The article by Dr. John A. Wyeth, in The Journal, Nov. 24, 1906, reminded me of two patients on whom I recently operated.
The first patient, a man of 67, had suffered with a large inguinal hernia for many years. On opening the sac I found that it contained the cecum, the adherent appendix and part of the ileum. The appendix, though not inflamed, was removed, and the abdomen closed by the imbrication method of Fowler. Recovery was uneventful.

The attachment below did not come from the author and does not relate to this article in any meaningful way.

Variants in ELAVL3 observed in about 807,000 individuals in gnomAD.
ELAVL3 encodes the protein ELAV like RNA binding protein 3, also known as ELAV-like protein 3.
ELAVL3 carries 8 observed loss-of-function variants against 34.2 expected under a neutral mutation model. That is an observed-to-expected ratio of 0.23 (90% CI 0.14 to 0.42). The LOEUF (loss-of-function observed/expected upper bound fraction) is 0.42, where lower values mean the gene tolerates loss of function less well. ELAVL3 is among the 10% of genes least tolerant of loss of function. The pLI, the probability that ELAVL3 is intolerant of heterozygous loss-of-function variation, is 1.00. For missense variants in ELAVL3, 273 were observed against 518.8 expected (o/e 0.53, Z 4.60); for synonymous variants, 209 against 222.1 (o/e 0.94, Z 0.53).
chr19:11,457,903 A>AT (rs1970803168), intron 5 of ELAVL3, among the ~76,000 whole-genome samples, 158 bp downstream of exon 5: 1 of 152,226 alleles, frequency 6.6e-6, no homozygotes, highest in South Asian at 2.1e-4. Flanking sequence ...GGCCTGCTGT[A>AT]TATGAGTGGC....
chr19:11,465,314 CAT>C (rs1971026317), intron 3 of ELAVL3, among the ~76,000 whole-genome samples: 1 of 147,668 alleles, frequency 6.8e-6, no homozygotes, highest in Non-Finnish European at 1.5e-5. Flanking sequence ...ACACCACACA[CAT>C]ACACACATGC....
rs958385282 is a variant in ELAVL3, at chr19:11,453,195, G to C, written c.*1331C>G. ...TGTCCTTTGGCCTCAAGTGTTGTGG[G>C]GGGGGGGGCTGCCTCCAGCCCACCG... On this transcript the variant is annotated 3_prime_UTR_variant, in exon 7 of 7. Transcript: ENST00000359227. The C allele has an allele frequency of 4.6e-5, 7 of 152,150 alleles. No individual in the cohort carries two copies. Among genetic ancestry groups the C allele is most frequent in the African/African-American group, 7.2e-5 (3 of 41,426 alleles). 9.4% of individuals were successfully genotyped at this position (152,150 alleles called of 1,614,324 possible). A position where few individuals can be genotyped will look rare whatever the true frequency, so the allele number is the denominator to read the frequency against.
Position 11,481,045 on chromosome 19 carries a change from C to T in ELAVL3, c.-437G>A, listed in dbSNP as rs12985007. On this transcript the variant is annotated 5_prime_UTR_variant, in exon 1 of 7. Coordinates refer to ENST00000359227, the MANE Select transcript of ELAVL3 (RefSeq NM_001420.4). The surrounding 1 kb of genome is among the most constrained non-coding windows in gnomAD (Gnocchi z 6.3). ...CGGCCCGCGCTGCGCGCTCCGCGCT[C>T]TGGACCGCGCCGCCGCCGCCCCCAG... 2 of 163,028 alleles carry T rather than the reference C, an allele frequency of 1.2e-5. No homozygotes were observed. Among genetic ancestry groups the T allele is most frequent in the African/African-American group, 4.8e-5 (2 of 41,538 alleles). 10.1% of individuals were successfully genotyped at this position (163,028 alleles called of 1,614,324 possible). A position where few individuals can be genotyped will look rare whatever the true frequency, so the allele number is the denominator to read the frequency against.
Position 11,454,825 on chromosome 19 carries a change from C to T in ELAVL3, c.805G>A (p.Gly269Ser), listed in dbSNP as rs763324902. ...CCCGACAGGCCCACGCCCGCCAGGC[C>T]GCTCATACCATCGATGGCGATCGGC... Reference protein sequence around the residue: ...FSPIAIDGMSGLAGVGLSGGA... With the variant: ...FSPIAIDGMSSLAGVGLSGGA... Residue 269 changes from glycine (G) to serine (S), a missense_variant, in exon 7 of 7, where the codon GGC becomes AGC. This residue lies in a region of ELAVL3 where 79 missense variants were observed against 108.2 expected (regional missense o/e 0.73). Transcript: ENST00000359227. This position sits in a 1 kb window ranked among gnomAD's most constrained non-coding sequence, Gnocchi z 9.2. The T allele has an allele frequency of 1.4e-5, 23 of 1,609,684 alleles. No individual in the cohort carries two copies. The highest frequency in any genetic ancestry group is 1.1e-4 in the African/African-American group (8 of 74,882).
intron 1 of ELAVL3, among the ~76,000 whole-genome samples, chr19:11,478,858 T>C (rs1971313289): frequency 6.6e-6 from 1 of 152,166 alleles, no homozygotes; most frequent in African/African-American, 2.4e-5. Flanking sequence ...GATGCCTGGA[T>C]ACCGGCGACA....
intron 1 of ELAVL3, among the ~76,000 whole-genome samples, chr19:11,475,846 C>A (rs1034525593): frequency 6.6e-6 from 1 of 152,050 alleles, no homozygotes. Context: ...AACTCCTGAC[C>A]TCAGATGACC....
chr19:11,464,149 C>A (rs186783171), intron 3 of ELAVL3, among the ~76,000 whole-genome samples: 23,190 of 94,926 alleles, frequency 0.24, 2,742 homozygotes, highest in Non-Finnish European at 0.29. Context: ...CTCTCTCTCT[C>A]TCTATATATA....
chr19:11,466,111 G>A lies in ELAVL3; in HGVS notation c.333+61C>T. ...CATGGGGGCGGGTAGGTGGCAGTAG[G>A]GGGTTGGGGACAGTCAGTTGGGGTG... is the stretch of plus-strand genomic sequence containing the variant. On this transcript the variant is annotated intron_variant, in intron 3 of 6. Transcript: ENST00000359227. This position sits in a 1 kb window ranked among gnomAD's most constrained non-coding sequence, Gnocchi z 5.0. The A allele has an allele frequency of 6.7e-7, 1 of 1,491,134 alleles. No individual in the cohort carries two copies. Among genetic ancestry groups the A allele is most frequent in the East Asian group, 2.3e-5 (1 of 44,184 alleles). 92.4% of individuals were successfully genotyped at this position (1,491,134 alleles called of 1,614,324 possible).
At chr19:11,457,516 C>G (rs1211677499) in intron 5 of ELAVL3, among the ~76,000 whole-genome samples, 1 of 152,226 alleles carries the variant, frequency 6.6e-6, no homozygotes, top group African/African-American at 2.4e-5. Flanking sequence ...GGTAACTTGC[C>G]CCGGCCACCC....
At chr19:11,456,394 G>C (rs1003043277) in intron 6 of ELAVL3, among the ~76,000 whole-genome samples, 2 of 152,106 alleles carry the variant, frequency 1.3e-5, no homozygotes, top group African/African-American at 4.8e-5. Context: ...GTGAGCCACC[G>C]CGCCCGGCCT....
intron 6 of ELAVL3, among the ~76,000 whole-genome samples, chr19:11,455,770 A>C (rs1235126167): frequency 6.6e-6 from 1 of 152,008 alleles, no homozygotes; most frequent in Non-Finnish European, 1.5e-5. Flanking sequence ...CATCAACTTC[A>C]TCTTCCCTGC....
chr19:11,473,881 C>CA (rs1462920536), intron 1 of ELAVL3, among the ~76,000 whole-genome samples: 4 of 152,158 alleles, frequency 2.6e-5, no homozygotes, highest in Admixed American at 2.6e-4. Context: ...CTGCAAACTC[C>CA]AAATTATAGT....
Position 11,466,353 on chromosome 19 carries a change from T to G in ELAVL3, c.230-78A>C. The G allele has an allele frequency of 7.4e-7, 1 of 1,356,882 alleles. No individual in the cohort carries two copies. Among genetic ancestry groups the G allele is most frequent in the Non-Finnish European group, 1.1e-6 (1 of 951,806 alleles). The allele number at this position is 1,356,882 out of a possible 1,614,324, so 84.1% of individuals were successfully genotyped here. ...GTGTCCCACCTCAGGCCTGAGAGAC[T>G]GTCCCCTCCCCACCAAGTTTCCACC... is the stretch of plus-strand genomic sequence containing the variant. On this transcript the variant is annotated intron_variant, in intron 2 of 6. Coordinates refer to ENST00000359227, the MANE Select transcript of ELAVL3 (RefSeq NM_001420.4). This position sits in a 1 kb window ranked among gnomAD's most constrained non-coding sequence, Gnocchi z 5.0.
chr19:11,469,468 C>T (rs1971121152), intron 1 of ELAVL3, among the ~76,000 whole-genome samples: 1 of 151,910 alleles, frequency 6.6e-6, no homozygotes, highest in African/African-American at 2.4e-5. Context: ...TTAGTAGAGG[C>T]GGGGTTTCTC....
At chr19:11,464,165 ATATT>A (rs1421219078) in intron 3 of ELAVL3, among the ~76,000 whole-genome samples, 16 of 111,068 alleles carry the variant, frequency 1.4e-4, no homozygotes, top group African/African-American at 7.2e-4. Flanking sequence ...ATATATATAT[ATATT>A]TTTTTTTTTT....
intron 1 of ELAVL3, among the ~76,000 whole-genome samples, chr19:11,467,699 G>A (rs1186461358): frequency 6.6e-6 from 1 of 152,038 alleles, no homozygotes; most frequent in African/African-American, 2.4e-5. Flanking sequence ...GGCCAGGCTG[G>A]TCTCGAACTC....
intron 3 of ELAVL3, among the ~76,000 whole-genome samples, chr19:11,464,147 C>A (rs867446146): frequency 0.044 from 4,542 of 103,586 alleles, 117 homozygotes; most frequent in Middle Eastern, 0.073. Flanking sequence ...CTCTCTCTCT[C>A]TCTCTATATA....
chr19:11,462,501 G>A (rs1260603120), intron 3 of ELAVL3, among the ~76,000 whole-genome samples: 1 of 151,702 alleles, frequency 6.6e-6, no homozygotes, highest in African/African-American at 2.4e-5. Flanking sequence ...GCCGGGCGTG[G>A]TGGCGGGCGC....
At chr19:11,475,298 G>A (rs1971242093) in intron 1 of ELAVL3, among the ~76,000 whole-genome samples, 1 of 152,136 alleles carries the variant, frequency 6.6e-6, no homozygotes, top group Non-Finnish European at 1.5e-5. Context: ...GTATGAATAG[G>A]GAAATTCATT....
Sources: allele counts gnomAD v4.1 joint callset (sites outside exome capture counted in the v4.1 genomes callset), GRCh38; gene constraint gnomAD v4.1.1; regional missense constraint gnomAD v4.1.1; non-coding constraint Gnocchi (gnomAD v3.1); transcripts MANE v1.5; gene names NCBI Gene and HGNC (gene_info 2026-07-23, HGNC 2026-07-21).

The second case was that of a woman of 62, who suffered from an inflamed bubonocele. The sac contained a structure of whose identity I was not altogether certain until I had examined it closely, but which proved to be the appendix. The constricted ring was incised and the hernia repaired by the Bassini method, the appendix being removed in the usual way. There was nothing unusual about the recovery. The